WBR recently looked at Wolseley House in Market Lavington. This fascinating house is tucked away at the east end of the village. The land on which it stands apparently once belonged to the chantry of the parish church. Examination of the physical fabric showed that it dated from the early 18th century, as the listed building schedule suggested, and the rough dates of additions. What the list does not do is tell you about the succession of occupiers and what they did. Our redoubtable researcher Margaret researched the history and among other facts she found that from 1826 until the early 20th century the house was occupied by those of the medical profession. In 1831 the parish registers show William Tucker, a surgeon, as both owner and occupier of a house and land on which 9/- tax was paid. The house next door (now called Ivy Lodge) was also curiously occupied by a general practitioner in 1851.
It was then found that this concentration of medics was probably due to the proximity to Fiddington House, which had become a private lunatic asylum in about 1817. Other medics occupied the two houses after 1831 including a James Herriot, a general practitioner (not the vet!), and William B. Pepler described as a ‘surgeon and apothecary’.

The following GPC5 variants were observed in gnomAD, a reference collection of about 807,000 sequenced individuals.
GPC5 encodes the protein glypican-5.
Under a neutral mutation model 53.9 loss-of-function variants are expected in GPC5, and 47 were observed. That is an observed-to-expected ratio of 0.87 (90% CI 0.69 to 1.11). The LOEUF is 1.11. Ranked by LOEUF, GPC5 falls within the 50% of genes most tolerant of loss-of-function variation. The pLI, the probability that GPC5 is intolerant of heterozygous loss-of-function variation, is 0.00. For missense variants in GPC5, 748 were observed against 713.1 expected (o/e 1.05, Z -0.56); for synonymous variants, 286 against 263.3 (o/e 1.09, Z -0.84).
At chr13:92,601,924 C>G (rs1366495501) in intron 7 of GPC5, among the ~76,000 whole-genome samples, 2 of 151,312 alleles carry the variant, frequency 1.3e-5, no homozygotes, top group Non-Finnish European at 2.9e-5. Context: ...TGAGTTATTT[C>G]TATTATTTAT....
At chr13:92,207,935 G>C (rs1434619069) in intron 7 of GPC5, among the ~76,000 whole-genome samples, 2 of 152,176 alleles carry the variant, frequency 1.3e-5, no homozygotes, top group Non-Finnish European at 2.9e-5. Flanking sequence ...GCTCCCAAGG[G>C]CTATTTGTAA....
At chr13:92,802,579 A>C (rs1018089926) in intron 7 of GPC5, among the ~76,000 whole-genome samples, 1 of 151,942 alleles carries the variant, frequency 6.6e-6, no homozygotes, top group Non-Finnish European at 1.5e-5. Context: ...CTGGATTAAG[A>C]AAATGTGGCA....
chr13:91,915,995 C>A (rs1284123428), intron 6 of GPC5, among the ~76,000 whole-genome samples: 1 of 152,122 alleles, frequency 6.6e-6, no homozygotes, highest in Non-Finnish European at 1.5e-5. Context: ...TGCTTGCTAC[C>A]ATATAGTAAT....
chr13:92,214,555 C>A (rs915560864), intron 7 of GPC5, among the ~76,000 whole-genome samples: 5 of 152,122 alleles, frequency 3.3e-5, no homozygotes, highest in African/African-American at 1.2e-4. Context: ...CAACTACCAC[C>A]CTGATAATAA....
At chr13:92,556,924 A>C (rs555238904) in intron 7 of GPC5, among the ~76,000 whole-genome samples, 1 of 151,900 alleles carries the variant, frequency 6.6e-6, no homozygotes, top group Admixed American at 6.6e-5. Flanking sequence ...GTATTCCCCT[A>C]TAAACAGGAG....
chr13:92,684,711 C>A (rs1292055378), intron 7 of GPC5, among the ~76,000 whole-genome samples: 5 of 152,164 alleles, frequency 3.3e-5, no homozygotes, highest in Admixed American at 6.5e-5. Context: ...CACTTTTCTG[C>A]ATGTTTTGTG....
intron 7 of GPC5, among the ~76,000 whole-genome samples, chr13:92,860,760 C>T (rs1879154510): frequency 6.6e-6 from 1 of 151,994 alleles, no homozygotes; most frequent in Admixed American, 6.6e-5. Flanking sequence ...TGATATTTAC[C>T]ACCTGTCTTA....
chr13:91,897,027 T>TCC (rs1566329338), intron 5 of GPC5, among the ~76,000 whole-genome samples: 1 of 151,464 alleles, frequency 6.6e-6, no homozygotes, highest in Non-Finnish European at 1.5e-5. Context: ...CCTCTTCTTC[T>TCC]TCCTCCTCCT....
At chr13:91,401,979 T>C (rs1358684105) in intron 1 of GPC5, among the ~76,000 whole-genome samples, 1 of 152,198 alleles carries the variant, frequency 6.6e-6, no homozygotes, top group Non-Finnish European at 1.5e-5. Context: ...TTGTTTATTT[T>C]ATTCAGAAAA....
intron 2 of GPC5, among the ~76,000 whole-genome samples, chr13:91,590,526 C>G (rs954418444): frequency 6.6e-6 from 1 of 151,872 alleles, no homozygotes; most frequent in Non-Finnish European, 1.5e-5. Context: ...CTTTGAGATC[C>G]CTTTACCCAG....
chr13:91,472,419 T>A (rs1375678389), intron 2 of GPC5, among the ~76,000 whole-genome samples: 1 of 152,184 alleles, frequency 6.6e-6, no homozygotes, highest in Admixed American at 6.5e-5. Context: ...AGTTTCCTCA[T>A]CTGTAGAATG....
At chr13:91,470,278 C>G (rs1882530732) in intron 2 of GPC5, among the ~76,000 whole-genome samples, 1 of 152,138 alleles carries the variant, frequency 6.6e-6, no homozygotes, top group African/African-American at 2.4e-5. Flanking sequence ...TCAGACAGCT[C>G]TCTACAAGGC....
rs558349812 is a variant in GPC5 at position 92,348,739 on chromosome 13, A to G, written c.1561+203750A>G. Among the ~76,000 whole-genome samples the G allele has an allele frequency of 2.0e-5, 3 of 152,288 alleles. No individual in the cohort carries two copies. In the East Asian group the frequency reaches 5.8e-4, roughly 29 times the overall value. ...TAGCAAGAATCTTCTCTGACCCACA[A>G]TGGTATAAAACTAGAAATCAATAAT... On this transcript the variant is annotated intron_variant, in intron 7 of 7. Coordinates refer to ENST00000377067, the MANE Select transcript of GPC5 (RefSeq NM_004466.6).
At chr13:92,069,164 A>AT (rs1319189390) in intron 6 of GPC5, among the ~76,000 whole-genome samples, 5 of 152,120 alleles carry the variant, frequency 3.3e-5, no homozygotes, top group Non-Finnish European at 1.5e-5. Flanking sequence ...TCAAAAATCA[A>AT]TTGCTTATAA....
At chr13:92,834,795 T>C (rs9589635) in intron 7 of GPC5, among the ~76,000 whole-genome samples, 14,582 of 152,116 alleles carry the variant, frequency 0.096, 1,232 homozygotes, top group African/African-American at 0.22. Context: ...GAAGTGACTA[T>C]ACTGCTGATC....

To celebrate the 70th anniversary of the archive service we are putting together an online exhibition of 70 favourite documents from the archive chosen by staff and volunteers. One of the items chosen was only recently deposited and is a remarkably detailed record of its type; Thomas Pinniger's farming diary for Little Bedwyn and Beckhampton farm, Avebury 1828-1832 (ref 4381/1/5).
Entries of note include the purchase of Beckhampton farm and Beckhampton Inn from Anthony Guy of Chippenham, 27 Feb and 18 Jun 1828; a note about Guy's subsequent bankruptcy, Nov 1829-Jan 1830; Work on the new house began 25 Sep 1828, completed Oct 1830; difficulties in digging chalk for the roads led to an accident in the chalk pit, 29 Jan 1830; note about the 'Swing Riots', Nov 1830 (pictured above); efforts to clear snow from the main road (A4) , 21 Jan 1830; fruit trees planted in garden, 8 Mar 1830; fire at Mr Neat's farm at Monkton, 5 Jun 1831; trees planted in the yard, 10 Dec 1831; notes of the deaths of relatives and friends, including son Thomas (Large), 31 Jul 1828; verse by rev William Lisle Bowles on the death of Richard Sadler Smith at Bremhill, 31 Mar 1832; and references to thrashing machine, 6 Mar and 23 Jul 1832.
Unsurprisingly diaries can be one of the most engaging sources in the archives because they enable us to hear such a clear and individual voice from the past.
We have some interesting examples in our collections, including an almost complete series of diaries belonging to writer Edith Maud Olivier (ref 982/32-78). The entries are daily and written in detail covering 1894-1948 including this entry relating to a visit of Laurence Olivier and Vivien Leigh in February 1944.
The Wiltshire Record Society has also published volumes of transcripts of diaries and notebooks including:
‘Cherished memories and Associations,’ a manuscript memoir by William Small 1881 (Volume 64; original document reference 2713/2)